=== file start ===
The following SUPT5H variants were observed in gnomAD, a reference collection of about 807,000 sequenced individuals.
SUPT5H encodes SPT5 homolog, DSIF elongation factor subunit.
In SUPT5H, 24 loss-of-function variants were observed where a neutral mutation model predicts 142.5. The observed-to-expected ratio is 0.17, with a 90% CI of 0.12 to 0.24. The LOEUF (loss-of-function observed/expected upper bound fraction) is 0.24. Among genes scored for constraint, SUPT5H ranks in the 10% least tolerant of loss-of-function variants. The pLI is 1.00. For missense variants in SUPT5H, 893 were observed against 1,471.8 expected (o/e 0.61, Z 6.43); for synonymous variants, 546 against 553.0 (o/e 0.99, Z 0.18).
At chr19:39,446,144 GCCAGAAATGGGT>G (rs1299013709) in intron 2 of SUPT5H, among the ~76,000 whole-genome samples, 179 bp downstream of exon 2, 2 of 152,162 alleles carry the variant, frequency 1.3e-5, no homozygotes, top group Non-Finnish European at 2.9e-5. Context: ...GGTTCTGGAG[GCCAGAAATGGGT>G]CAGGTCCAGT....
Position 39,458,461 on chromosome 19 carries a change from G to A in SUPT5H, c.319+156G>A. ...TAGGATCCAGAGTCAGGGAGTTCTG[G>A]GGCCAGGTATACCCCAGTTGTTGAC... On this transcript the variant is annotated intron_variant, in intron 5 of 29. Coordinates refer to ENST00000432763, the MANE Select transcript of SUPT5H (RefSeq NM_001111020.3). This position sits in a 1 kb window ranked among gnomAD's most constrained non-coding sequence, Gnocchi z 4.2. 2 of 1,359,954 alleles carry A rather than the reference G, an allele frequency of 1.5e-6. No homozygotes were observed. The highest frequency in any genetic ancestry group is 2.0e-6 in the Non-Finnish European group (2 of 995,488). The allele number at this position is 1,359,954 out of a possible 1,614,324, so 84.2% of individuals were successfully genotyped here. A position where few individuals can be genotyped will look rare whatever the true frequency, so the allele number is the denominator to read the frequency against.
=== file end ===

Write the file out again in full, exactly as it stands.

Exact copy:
The following SUPT5H variants were observed in gnomAD, a reference collection of about 807,000 sequenced individuals.
SUPT5H encodes SPT5 homolog, DSIF elongation factor subunit.
In SUPT5H, 24 loss-of-function variants were observed where a neutral mutation model predicts 142.5. The observed-to-expected ratio is 0.17, with a 90% CI of 0.12 to 0.24. The LOEUF (loss-of-function observed/expected upper bound fraction) is 0.24. Among genes scored for constraint, SUPT5H ranks in the 10% least tolerant of loss-of-function variants. The pLI is 1.00. For missense variants in SUPT5H, 893 were observed against 1,471.8 expected (o/e 0.61, Z 6.43); for synonymous variants, 546 against 553.0 (o/e 0.99, Z 0.18).
At chr19:39,446,144 GCCAGAAATGGGT>G (rs1299013709) in intron 2 of SUPT5H, among the ~76,000 whole-genome samples, 179 bp downstream of exon 2, 2 of 152,162 alleles carry the variant, frequency 1.3e-5, no homozygotes, top group Non-Finnish European at 2.9e-5. Context: ...GGTTCTGGAG[GCCAGAAATGGGT>G]CAGGTCCAGT....
Position 39,458,461 on chromosome 19 carries a change from G to A in SUPT5H, c.319+156G>A. ...TAGGATCCAGAGTCAGGGAGTTCTG[G>A]GGCCAGGTATACCCCAGTTGTTGAC... On this transcript the variant is annotated intron_variant, in intron 5 of 29. Coordinates refer to ENST00000432763, the MANE Select transcript of SUPT5H (RefSeq NM_001111020.3). This position sits in a 1 kb window ranked among gnomAD's most constrained non-coding sequence, Gnocchi z 4.2. 2 of 1,359,954 alleles carry A rather than the reference G, an allele frequency of 1.5e-6. No homozygotes were observed. The highest frequency in any genetic ancestry group is 2.0e-6 in the Non-Finnish European group (2 of 995,488). The allele number at this position is 1,359,954 out of a possible 1,614,324, so 84.2% of individuals were successfully genotyped here. A position where few individuals can be genotyped will look rare whatever the true frequency, so the allele number is the denominator to read the frequency against.